Shamokin police lock up playground because of 'deliberate destruction' and defiance
SHAMOKIN - The scrawlings in black marker on the colorful playset at Shamokin Street playground tell of young love, of lewd behavior, of bad jokes and of phone numbers offering "a good time."
World renowned street artist Banksy has created a stir in New York City when the Brit crossed the Atlantic to tag buildings in the Big Apple earlier this month. Some of his prior work has fetched more than $1 million.
The juvenile nonsense left behind on the Shamokin Street playground sliding board won't bring the vandals any money. They won't bring fame. They did bring a padlock.
The playground is locked up and shut down indefinitely. So are the neighboring basketball and street hockey hard courts. Closed for fall. Closed for winter. Police Chief Ed Griffiths said the lock won't come off until spring.
It isn't just the playset graffiti that upset the police chief, it's the behavior and attitude of some kids and teens and a few young adults.
No respect, no recreation
The chief said a 90-year-old woman walking home carrying groceries was harassed. Rocks were tossed at the Stephen A. Chowka Funeral Home across the street. Teens are smoking inside the playset. Fistfights were a regular occurrence. Profanity became the norm. Well-mannered parents and their tots stayed away.
Lately when police officers responded, they were met with defiance.
"There's just a lack of respect," Griffiths said. "Well, guess what? It's locked."
"The city's providing a place for them. Take care of it. Don't tell me you have nothing to do when you do have a place and you're destroying it," he said.
Griffiths echoed comments he made during a city council meeting Monday: "That playground's a privilege. It's not a right. When they learn how to act, we'll open it."
A skate park near the city pool on Rock Street once met a similar fate. It never reopened. It's gone for good.
Griffiths hopes that by locking the playground at least a little while, it won't meet a similar fate.
"It's not fair to the neighbors. We're not going to lose this town one playground at a time," he said.
Vandalism at the Shamokin Street playground is nothing new.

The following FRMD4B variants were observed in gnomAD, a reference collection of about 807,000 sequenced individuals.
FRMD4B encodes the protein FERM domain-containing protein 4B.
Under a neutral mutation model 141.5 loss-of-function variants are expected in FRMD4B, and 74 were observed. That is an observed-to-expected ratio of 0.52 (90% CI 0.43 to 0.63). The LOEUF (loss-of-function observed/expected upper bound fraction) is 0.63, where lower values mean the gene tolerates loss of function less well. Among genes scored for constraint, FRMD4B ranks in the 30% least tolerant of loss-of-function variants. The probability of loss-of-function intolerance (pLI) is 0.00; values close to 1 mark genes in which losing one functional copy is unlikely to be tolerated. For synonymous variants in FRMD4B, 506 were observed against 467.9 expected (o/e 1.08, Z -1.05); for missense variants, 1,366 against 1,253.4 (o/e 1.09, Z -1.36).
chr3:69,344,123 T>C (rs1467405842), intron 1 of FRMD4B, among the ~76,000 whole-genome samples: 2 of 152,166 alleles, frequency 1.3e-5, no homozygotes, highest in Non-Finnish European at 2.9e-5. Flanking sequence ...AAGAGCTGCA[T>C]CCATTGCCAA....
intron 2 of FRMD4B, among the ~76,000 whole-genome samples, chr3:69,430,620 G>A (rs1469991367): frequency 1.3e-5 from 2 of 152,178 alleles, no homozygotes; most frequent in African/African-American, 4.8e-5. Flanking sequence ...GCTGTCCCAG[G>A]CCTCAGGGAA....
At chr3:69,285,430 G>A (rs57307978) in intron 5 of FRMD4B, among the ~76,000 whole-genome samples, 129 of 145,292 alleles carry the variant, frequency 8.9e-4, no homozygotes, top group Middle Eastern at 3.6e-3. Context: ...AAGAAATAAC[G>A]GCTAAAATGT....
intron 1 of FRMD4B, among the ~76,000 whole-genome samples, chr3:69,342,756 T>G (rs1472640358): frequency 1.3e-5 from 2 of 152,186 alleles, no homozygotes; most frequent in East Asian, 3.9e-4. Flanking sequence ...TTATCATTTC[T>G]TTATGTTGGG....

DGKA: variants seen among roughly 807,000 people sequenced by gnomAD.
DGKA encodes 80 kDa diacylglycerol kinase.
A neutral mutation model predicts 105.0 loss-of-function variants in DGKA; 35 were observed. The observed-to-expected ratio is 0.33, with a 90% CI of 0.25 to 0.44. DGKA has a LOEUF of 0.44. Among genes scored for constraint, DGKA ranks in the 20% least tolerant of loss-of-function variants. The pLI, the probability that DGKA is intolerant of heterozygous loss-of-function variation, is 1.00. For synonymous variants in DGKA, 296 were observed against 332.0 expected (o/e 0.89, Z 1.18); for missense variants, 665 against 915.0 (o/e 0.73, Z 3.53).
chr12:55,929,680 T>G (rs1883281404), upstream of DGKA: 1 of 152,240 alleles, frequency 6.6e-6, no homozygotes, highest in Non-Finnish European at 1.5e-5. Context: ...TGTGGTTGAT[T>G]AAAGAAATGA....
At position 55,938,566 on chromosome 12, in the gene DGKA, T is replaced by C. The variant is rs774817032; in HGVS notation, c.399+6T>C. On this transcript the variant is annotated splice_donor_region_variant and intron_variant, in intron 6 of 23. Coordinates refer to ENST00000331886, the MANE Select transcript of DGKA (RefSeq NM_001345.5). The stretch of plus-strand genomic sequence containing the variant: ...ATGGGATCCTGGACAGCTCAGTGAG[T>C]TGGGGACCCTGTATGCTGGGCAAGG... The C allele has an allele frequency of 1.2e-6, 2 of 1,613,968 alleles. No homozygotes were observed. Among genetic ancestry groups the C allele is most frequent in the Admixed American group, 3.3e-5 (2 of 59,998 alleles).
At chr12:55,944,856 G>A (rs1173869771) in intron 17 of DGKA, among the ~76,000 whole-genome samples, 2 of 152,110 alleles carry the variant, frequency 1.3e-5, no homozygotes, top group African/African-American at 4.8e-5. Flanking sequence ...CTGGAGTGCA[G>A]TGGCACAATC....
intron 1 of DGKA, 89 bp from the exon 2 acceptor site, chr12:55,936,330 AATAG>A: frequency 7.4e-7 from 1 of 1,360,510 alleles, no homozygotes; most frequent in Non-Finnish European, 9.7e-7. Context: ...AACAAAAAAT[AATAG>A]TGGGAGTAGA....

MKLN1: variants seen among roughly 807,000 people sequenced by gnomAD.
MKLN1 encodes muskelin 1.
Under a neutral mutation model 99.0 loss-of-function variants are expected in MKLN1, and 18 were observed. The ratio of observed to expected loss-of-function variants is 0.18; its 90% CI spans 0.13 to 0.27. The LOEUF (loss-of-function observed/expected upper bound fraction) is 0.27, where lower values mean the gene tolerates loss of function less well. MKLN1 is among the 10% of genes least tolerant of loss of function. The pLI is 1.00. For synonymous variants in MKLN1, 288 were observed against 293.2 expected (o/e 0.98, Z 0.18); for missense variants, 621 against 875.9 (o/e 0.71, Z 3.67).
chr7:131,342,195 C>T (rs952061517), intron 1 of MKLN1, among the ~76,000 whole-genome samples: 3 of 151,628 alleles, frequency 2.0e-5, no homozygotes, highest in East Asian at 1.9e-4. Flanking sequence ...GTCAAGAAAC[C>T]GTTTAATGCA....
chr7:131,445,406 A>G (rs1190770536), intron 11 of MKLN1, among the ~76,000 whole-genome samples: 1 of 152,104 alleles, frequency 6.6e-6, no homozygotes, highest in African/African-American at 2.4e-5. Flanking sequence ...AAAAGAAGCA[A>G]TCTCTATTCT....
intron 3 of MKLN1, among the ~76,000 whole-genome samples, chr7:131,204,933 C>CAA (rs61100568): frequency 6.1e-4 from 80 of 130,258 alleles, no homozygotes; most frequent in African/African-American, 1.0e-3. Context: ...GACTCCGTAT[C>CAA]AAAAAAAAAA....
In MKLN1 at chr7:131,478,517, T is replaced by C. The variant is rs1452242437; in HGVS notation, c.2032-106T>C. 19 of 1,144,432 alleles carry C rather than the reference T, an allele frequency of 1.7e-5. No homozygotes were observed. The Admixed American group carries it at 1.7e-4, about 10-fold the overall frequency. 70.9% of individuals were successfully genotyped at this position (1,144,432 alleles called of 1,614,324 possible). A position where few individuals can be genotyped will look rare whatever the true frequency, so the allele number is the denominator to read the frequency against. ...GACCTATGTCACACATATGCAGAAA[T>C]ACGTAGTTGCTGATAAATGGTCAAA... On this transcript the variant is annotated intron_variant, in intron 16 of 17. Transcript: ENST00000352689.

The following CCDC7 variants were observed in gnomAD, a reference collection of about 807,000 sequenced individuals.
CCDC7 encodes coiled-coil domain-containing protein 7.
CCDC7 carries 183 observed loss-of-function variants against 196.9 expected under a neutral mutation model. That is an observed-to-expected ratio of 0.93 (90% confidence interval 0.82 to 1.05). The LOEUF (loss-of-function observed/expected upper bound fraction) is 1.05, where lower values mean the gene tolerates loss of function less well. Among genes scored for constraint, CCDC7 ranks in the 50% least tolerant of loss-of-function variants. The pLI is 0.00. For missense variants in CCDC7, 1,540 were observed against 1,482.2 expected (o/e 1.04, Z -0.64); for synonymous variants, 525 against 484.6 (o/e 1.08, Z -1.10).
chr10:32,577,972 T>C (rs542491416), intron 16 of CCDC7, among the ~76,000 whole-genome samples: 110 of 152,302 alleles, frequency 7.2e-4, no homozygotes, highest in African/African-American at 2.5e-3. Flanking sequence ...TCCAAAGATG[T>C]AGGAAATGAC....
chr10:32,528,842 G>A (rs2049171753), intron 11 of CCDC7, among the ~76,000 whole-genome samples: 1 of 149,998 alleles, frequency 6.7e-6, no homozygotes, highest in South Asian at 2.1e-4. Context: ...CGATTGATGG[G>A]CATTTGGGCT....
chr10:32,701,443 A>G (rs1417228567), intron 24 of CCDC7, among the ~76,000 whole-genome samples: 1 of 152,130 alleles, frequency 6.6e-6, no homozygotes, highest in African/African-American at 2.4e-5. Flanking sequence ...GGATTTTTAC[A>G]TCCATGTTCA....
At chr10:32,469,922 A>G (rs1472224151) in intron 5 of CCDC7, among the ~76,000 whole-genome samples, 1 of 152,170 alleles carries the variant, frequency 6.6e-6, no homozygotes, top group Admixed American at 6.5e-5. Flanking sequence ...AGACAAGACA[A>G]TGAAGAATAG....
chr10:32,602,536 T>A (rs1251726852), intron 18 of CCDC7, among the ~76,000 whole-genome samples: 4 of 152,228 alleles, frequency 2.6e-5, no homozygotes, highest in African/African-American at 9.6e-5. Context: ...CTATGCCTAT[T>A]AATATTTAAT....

City officials have been dealing with it for years. Kevin Richardson, public works foreman, recalled an employee using graffiti cleaner on the playset before. They had to patch a few holes. A corkscrew sliding board was permanently removed after someone defecated on it.
Richardson pointed out some other damage inflicted at the site over the years. Two swingset chains were broken. A toddler swing seat was knifed apart. No less than 10 holes were cut into the chain link fence. A gate was knocked off its hinge. A memorial sign was sheared off at its base. Caps on a retaining wall are pulled off. Mulch has been set on fire.
Two times each week for between 20 and 30 minutes a pair of street department employees would pick up litter in the playground.
There's a bit of vandalism at every city playground, Richardson said, but nothing like at Shamokin Street. This isn't wear-and-tear, he said, it's "deliberate destruction."
"People are afraid to come here with little kids," he said.
The playground was being locked at dusk. It was closed at 7 p.m. last year in an attempt to reign in bad behavior. Anyone caught inside the fences while it's closed will be prosecuted, Griffiths said.
Councilman Bill Milbrand, in charge of parks and public buildings, called it a "crying shame."
"I wish I had a figure on all the playground equipment that was destroyed by vandalism over the years. We try to make it nice for the kids, but they just don't respect it," he said.
Those who regularly hang out at the playground know who's at fault, Milbrand said. He encouraged anyone with information to come forward and tell the police.